The same is true if you were to stand on the south pole, except this time you can only see the southern sky. The Earth would forever block your view of the Big Dipper, Polaris, and other exclusively northern sights.

Things change if you’re on the Equator. Facing north, you would just see Polaris on the horizon — and actually it would be a bit above the horizon, due to, of all things, our atmosphere. The air of the Earth acts like a lens, bending the path of the light from stars near the horizon. Because of this, Polaris would actually be about two degrees (about 4 times the size of the full Moon) above the horizon. If the Earth had no atmosphere, Polaris would be exactly on the horizon as seen from the Equator.

Turning round and facing south, you’d see the south pole of the sky (marked by the much fainter star Sigma Octans), which would likewise be on the horizon. Facing east, you’d see stars just now rising, and facing west those that are just now setting. If we had no Sun, over the course of 12 hours you’d see every single star in the sky as the Earth rotates beneath you. That’s because any star just setting in the west as you start your observation will be just rising in the east 12 hours later.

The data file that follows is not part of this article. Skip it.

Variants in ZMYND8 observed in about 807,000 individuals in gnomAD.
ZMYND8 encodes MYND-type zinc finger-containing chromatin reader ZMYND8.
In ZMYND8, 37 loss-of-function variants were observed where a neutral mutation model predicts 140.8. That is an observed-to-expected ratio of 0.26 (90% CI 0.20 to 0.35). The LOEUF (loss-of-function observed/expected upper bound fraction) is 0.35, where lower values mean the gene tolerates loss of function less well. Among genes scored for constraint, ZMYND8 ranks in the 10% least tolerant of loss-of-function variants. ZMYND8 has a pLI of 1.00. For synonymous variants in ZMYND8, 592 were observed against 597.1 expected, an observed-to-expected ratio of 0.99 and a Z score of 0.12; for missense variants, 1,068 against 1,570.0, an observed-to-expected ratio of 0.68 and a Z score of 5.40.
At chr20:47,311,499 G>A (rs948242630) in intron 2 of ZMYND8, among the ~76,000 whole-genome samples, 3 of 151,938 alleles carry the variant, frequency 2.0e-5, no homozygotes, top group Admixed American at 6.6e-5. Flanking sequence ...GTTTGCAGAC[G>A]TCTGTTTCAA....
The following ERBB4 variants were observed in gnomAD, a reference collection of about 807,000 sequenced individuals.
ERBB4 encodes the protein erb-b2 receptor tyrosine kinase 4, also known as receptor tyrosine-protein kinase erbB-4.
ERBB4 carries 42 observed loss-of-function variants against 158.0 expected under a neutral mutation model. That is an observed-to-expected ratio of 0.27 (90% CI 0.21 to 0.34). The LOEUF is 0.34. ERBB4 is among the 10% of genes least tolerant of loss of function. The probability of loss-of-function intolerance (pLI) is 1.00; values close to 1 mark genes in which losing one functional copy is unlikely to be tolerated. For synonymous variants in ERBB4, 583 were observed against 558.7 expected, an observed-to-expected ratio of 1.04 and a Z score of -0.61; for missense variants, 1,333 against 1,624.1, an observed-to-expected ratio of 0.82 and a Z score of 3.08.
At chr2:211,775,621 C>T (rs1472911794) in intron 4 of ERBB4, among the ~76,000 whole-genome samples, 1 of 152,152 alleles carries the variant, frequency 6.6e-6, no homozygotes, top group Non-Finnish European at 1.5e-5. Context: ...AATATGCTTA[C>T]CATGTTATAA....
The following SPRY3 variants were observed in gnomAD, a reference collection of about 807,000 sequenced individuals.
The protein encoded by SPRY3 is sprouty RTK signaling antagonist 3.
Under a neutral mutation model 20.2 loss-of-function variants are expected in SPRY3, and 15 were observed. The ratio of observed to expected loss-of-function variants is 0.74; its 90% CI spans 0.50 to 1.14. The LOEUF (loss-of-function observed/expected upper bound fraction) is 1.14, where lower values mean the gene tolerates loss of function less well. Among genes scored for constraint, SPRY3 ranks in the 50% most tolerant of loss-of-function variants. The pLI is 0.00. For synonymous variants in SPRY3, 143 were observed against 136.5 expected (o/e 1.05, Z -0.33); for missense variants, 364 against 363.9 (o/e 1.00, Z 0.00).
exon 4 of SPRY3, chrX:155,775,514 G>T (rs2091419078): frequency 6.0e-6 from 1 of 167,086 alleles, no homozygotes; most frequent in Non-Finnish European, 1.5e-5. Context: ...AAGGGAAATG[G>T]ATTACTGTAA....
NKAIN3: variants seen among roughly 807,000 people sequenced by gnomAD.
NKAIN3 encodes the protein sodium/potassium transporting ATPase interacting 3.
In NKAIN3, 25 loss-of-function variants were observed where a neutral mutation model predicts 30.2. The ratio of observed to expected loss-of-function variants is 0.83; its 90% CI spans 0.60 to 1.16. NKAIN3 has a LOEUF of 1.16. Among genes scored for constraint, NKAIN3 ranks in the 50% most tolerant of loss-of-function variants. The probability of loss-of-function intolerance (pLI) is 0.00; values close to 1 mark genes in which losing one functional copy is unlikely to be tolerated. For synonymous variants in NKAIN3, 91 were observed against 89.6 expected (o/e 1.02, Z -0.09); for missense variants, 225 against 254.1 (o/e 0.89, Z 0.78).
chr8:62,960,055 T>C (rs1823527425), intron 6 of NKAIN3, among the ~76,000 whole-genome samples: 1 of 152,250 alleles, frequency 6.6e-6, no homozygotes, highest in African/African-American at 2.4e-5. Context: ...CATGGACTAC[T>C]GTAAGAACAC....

However, we do have the Sun (yay!) and so you can’t observe for 12 straight hours, only realistically about 10. So you don’t see the whole sky over the course of the night, you can only see about 10/12 = 5/6 = 80%. If you can push the observing for another half hour you can get up to about 87% of the sky. [Update: Stéphane corrected my math here, and he’s right. My apologies for any confusion!] Astronomers divide the sky up into 24 hours — in this case, each "hour" is the distance a star on the Equator of the sky will travel in that time. It’s equivalent to 15 degrees (360 degrees / 24 hours = 15 degrees per hour). The part of the sky not seen in a picture like the one above is shaped like a watermelon slice, with the narrow points at each pole and the widest part at the Equator, near the Sun’s position. It’s one hour wide on each side of the Sun, so altogether that slice is two hours wide. That means the picture has the entire sky (24 hours) minus those two hours, for a total of 22 hours. The amount of sky seen is therefore 22/24 = 11/12 = 92%.

Plus, the Earth’s air give you a bonus: because it bends the light of stars low to the horizon, you can actually see stars that are below your physical horizon! In a sense, the air is acting like a periscope, allowing you see around a corner.

So all this together means that Guisard’s remarkable all-night photo from the Earth’s Equator shows over 90% of the entire sky that is possible to see from the ground.